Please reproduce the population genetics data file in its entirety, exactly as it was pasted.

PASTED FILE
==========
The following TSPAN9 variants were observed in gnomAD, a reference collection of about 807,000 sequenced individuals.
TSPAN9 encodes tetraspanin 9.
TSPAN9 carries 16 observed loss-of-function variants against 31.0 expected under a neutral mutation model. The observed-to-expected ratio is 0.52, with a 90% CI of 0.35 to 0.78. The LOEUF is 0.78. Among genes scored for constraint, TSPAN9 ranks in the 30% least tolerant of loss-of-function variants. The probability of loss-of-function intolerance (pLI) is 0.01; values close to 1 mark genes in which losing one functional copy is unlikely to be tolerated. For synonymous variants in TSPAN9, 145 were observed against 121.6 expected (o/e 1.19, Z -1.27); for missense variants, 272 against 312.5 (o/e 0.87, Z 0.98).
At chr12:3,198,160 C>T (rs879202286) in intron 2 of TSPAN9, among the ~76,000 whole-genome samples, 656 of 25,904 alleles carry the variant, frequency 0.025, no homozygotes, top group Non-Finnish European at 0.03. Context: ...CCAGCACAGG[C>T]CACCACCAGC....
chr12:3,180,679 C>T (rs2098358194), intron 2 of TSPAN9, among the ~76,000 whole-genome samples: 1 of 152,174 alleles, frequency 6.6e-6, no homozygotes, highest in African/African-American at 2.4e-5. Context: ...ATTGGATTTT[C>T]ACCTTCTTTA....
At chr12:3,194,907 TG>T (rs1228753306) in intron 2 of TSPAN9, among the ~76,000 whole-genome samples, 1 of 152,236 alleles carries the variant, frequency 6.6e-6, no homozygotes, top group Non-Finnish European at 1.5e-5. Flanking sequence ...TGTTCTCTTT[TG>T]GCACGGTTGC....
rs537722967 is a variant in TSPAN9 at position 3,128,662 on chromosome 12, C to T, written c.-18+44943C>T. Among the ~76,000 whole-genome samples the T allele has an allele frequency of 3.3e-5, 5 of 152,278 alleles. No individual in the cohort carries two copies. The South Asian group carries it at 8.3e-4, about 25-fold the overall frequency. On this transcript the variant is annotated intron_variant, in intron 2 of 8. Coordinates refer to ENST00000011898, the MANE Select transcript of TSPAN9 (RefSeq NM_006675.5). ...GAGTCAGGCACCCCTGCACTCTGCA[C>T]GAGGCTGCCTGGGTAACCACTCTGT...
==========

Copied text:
The following TSPAN9 variants were observed in gnomAD, a reference collection of about 807,000 sequenced individuals.
TSPAN9 encodes tetraspanin 9.
TSPAN9 carries 16 observed loss-of-function variants against 31.0 expected under a neutral mutation model. The observed-to-expected ratio is 0.52, with a 90% CI of 0.35 to 0.78. The LOEUF is 0.78. Among genes scored for constraint, TSPAN9 ranks in the 30% least tolerant of loss-of-function variants. The probability of loss-of-function intolerance (pLI) is 0.01; values close to 1 mark genes in which losing one functional copy is unlikely to be tolerated. For synonymous variants in TSPAN9, 145 were observed against 121.6 expected (o/e 1.19, Z -1.27); for missense variants, 272 against 312.5 (o/e 0.87, Z 0.98).
At chr12:3,198,160 C>T (rs879202286) in intron 2 of TSPAN9, among the ~76,000 whole-genome samples, 656 of 25,904 alleles carry the variant, frequency 0.025, no homozygotes, top group Non-Finnish European at 0.03. Context: ...CCAGCACAGG[C>T]CACCACCAGC....
chr12:3,180,679 C>T (rs2098358194), intron 2 of TSPAN9, among the ~76,000 whole-genome samples: 1 of 152,174 alleles, frequency 6.6e-6, no homozygotes, highest in African/African-American at 2.4e-5. Context: ...ATTGGATTTT[C>T]ACCTTCTTTA....
At chr12:3,194,907 TG>T (rs1228753306) in intron 2 of TSPAN9, among the ~76,000 whole-genome samples, 1 of 152,236 alleles carries the variant, frequency 6.6e-6, no homozygotes, top group Non-Finnish European at 1.5e-5. Flanking sequence ...TGTTCTCTTT[TG>T]GCACGGTTGC....
rs537722967 is a variant in TSPAN9 at position 3,128,662 on chromosome 12, C to T, written c.-18+44943C>T. Among the ~76,000 whole-genome samples the T allele has an allele frequency of 3.3e-5, 5 of 152,278 alleles. No individual in the cohort carries two copies. The South Asian group carries it at 8.3e-4, about 25-fold the overall frequency. On this transcript the variant is annotated intron_variant, in intron 2 of 8. Coordinates refer to ENST00000011898, the MANE Select transcript of TSPAN9 (RefSeq NM_006675.5). ...GAGTCAGGCACCCCTGCACTCTGCA[C>T]GAGGCTGCCTGGGTAACCACTCTGT...